• Vol. 37 No. 7, 564–567
  • 15 July 2008

Magnesium, Zinc, Copper, Manganese, and Selenium Levels in Postmenopausal Women with Osteoporosis. Can Magnesium Play a Key Role in Osteoporosis?



Introduction: There has been a resurgence of interest in studies concerning the role of elements in the development and maintenance of the skeleton. The aim of the study was to assess the plasma and red blood concentrations of some elements in postmenopausal women with osteoporosis.

Materials and Methods: Seventy-seven postmenopausal women with osteoporosis aged 61 years (median interquartile range, 7.5; range, 46 to 74) and 61 age- and BMI-matched healthy postmenopausal women aged 60 years (median interquartile range, 8.0; range, 44 to 76) were included in the study. Element concentrations in plasma and red blood cells including magnesium (Mg), zinc, copper, manganese, and selenium were measured by atomic absorption spectrophotometry in both postmenopausal women with osteoporosis and healthy postmenopausal women.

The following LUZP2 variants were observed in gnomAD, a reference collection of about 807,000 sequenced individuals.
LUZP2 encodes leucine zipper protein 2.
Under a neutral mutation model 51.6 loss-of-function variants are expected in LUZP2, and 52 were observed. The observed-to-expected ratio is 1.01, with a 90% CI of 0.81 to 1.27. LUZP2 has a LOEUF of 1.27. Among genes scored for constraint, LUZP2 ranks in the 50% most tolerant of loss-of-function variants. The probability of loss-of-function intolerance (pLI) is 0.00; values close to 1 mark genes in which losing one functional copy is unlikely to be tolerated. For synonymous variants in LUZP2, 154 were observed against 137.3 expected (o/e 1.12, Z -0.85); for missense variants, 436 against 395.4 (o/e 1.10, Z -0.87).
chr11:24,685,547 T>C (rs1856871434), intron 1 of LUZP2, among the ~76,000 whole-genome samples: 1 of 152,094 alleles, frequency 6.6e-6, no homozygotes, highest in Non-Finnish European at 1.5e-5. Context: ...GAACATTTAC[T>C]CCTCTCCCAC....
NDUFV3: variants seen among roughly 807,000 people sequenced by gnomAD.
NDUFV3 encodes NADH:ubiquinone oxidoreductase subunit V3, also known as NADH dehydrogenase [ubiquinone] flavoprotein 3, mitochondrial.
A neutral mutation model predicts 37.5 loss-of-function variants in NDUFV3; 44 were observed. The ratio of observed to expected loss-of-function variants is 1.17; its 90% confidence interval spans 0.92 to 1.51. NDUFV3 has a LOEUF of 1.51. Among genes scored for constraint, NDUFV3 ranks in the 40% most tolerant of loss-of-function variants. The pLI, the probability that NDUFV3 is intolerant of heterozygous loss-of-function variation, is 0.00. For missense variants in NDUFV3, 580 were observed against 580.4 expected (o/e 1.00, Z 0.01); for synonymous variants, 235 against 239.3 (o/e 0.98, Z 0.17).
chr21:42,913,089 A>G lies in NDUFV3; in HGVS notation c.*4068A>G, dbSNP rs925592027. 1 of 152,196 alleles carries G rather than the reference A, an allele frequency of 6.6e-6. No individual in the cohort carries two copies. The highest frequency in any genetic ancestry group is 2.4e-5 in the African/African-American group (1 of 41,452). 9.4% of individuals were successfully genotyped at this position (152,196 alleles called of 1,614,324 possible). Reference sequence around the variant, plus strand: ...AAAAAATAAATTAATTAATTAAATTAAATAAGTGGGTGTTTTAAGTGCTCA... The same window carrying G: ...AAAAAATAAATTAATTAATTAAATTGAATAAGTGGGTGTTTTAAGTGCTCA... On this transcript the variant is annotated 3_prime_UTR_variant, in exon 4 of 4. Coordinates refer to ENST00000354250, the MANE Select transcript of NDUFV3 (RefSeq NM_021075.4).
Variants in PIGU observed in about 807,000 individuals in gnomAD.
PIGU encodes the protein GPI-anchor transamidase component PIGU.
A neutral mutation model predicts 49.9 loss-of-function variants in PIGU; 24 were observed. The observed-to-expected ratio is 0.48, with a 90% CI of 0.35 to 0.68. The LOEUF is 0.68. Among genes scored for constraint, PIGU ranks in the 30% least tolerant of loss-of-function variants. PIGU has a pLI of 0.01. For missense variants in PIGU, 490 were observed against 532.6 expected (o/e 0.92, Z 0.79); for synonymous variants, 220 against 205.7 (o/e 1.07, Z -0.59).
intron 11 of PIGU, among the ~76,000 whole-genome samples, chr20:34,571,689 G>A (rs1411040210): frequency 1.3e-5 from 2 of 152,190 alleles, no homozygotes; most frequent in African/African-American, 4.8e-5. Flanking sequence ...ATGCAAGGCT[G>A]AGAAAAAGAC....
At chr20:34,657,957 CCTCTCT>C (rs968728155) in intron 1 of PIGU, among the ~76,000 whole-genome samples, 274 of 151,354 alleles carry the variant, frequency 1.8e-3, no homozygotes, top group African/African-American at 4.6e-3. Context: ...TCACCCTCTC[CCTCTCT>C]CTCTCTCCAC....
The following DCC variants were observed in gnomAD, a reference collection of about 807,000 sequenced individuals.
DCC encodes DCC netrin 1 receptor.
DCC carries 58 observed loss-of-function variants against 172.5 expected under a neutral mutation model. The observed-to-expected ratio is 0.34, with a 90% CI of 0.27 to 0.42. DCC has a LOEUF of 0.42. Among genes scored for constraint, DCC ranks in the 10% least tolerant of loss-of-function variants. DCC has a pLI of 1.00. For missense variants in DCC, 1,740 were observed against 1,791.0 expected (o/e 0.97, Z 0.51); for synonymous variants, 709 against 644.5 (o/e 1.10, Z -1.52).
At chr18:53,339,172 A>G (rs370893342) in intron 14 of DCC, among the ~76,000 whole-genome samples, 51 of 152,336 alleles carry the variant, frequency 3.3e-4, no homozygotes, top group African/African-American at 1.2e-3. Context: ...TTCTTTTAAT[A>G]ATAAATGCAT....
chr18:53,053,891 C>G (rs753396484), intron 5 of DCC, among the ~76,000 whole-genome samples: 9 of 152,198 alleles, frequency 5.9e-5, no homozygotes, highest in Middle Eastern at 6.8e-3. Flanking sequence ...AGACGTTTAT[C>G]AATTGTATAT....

Results: Only statistically significant difference between the osteoporotic (51.51 [15.40] μg/mL) and healthy subjects (54.54 [15.42] μg/mL) was observed in red blood cell (RBC) magnesium concentration (Z = -2.07, P = 0.039). However, no significant difference was found between patient and control groups, both in plasma and in red blood concentrations, for zinc, copper, manganese, and selenium.

Conclusion: Mg levels in red blood cells are significantly lower in postmenopausal women with osteoporosis. It is concluded that Mg transport mechanism(s) into the cell could be affected in patients with osteoporosis.

Osteoporosis is a condition in which an increased risk of fracture takes place due to a reduction of bone mineral content. It occurs as a result of an imbalance between bone formation and bone resorption.

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